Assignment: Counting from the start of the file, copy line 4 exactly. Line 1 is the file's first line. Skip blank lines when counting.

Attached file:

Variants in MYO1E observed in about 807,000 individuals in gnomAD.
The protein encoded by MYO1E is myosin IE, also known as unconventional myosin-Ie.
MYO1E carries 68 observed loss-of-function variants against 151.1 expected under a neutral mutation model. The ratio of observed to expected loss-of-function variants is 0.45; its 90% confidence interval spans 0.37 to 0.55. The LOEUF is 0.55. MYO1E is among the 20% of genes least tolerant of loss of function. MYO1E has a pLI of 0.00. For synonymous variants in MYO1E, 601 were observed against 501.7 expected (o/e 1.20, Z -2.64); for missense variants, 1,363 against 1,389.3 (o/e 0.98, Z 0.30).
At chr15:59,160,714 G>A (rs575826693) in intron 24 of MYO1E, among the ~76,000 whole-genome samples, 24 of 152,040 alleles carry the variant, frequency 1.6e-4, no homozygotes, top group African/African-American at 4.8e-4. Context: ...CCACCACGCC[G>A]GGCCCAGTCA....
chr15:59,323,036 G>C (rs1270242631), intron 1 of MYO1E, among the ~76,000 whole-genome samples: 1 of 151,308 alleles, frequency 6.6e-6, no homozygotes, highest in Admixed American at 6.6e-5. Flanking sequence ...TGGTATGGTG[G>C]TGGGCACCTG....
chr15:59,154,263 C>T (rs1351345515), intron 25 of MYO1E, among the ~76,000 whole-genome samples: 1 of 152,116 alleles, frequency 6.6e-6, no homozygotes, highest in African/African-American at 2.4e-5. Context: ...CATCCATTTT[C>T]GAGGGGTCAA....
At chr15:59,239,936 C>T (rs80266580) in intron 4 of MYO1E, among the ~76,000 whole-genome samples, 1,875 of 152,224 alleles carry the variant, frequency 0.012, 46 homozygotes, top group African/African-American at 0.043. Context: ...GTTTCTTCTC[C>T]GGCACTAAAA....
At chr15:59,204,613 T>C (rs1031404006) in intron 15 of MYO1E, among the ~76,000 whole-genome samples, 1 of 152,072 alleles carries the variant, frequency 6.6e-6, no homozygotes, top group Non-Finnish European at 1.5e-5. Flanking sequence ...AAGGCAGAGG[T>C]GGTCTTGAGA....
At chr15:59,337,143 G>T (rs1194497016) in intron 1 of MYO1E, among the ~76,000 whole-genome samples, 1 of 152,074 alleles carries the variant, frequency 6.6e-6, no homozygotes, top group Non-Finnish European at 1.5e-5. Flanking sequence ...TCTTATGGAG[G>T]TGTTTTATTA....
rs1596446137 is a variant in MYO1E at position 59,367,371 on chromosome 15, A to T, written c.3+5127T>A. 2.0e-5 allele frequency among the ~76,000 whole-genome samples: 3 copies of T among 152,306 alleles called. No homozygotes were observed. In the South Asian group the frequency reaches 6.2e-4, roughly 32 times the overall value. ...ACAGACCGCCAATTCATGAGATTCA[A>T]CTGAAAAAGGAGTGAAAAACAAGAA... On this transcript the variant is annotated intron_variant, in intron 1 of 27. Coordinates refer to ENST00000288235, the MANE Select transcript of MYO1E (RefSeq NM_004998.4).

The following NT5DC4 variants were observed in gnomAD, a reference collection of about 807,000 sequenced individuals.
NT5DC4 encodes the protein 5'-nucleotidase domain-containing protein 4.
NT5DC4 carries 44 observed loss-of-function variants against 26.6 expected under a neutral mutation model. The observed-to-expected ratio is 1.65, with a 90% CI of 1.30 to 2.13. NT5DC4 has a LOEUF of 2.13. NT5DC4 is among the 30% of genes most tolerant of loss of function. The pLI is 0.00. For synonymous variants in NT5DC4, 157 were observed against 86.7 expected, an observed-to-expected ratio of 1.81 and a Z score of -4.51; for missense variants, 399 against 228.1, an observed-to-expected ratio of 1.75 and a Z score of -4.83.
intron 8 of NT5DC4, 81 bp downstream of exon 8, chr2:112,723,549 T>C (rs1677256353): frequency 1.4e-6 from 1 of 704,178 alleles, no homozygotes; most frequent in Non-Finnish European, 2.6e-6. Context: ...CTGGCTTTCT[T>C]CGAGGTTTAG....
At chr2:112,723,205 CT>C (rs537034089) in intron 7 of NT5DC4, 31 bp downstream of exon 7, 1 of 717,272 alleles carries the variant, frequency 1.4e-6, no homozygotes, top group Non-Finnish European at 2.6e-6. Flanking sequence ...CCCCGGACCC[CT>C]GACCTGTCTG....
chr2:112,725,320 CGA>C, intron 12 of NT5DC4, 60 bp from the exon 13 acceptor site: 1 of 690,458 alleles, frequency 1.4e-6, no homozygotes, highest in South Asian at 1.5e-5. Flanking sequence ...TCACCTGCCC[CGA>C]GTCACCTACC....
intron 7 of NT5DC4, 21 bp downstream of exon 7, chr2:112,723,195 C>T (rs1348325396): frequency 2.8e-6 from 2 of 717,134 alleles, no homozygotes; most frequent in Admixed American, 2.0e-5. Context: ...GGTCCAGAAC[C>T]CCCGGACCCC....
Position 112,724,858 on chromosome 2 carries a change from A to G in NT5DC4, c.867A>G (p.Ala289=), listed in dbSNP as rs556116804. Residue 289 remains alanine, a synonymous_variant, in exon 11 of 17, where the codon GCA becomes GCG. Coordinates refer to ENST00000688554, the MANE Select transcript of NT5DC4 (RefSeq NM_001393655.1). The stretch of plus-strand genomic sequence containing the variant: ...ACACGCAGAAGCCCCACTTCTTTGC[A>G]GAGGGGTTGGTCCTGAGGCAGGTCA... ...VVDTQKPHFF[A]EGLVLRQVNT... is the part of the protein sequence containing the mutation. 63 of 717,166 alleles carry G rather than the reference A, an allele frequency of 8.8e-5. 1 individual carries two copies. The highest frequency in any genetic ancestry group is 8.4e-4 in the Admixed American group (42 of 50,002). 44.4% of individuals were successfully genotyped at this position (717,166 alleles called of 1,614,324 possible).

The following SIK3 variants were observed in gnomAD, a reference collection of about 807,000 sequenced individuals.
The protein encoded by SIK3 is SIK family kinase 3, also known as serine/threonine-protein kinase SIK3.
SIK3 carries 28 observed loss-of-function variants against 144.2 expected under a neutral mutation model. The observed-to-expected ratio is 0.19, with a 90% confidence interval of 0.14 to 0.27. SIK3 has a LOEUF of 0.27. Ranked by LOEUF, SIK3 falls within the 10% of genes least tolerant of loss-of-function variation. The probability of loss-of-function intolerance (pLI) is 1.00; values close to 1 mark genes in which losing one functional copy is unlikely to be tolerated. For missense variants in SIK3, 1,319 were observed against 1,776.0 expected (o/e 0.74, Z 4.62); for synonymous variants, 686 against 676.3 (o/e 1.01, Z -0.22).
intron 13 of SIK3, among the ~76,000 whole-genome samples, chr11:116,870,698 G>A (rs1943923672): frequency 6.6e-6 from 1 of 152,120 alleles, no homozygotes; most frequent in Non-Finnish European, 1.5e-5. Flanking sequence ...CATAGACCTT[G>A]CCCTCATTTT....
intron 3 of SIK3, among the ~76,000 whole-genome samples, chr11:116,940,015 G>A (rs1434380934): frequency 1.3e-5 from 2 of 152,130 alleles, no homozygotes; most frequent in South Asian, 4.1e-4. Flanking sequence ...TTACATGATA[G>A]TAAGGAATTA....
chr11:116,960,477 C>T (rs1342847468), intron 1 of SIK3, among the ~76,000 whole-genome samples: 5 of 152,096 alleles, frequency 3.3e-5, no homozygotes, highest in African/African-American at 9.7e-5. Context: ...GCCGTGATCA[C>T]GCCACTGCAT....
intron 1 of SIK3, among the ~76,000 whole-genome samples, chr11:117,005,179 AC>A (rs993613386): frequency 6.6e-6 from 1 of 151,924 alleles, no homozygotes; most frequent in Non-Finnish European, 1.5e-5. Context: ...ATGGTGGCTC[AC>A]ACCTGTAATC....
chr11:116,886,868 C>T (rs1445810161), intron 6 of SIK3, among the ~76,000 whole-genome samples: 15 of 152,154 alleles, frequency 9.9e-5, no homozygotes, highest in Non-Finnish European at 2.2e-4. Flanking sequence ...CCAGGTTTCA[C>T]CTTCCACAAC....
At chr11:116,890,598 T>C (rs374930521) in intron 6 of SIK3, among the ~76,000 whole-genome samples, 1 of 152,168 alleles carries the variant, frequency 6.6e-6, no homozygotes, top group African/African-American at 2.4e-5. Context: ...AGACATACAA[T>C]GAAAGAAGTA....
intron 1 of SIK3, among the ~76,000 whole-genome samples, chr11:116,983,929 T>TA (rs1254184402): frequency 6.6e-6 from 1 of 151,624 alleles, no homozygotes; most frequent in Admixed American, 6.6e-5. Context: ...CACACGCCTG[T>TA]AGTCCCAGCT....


At chr15:59,160,714 G>A (rs575826693) in intron 24 of MYO1E, among the ~76,000 whole-genome samples, 24 of 152,040 alleles carry the variant, frequency 1.6e-4, no homozygotes, top group African/African-American at 4.8e-4. Context: ...CCACCACGCC[G>A]GGCCCAGTCA....